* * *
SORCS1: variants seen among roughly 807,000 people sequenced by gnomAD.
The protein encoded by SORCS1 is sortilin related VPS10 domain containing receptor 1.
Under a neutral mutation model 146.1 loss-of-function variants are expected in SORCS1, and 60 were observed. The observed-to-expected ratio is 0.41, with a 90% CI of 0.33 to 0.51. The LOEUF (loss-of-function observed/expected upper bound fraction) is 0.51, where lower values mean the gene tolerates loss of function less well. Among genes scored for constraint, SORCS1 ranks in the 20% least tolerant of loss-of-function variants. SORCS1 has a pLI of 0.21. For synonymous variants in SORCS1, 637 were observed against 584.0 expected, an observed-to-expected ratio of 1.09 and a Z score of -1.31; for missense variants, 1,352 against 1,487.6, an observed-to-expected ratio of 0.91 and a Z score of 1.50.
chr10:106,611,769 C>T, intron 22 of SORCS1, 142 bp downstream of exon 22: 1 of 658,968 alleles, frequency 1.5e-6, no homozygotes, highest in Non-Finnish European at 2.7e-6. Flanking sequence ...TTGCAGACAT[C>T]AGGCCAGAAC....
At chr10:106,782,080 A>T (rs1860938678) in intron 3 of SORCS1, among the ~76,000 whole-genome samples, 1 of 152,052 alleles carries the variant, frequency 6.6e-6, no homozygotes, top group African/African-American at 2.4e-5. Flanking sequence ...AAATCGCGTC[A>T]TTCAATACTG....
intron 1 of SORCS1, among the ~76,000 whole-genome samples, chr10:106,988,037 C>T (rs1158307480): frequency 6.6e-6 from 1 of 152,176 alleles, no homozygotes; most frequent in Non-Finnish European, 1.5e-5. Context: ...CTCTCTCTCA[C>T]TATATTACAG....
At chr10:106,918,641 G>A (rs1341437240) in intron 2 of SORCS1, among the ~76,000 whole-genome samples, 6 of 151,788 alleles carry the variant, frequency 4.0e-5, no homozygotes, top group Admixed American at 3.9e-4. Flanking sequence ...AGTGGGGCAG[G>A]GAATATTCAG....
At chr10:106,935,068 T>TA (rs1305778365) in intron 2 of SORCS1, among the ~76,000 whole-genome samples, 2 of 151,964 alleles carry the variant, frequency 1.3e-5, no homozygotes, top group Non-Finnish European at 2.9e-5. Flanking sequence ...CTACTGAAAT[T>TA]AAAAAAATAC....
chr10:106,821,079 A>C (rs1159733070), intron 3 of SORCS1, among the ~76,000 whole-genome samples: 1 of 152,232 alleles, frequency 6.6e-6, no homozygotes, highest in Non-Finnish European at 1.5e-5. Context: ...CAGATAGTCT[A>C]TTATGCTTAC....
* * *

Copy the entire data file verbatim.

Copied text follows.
SORCS1: variants seen among roughly 807,000 people sequenced by gnomAD.
The protein encoded by SORCS1 is sortilin related VPS10 domain containing receptor 1.
Under a neutral mutation model 146.1 loss-of-function variants are expected in SORCS1, and 60 were observed. The observed-to-expected ratio is 0.41, with a 90% CI of 0.33 to 0.51. The LOEUF (loss-of-function observed/expected upper bound fraction) is 0.51, where lower values mean the gene tolerates loss of function less well. Among genes scored for constraint, SORCS1 ranks in the 20% least tolerant of loss-of-function variants. SORCS1 has a pLI of 0.21. For synonymous variants in SORCS1, 637 were observed against 584.0 expected, an observed-to-expected ratio of 1.09 and a Z score of -1.31; for missense variants, 1,352 against 1,487.6, an observed-to-expected ratio of 0.91 and a Z score of 1.50.
chr10:106,611,769 C>T, intron 22 of SORCS1, 142 bp downstream of exon 22: 1 of 658,968 alleles, frequency 1.5e-6, no homozygotes, highest in Non-Finnish European at 2.7e-6. Flanking sequence ...TTGCAGACAT[C>T]AGGCCAGAAC....
At chr10:106,782,080 A>T (rs1860938678) in intron 3 of SORCS1, among the ~76,000 whole-genome samples, 1 of 152,052 alleles carries the variant, frequency 6.6e-6, no homozygotes, top group African/African-American at 2.4e-5. Flanking sequence ...AAATCGCGTC[A>T]TTCAATACTG....
intron 1 of SORCS1, among the ~76,000 whole-genome samples, chr10:106,988,037 C>T (rs1158307480): frequency 6.6e-6 from 1 of 152,176 alleles, no homozygotes; most frequent in Non-Finnish European, 1.5e-5. Context: ...CTCTCTCTCA[C>T]TATATTACAG....
At chr10:106,918,641 G>A (rs1341437240) in intron 2 of SORCS1, among the ~76,000 whole-genome samples, 6 of 151,788 alleles carry the variant, frequency 4.0e-5, no homozygotes, top group Admixed American at 3.9e-4. Flanking sequence ...AGTGGGGCAG[G>A]GAATATTCAG....
At chr10:106,935,068 T>TA (rs1305778365) in intron 2 of SORCS1, among the ~76,000 whole-genome samples, 2 of 151,964 alleles carry the variant, frequency 1.3e-5, no homozygotes, top group Non-Finnish European at 2.9e-5. Flanking sequence ...CTACTGAAAT[T>TA]AAAAAAATAC....
chr10:106,821,079 A>C (rs1159733070), intron 3 of SORCS1, among the ~76,000 whole-genome samples: 1 of 152,232 alleles, frequency 6.6e-6, no homozygotes, highest in Non-Finnish European at 1.5e-5. Context: ...CAGATAGTCT[A>C]TTATGCTTAC....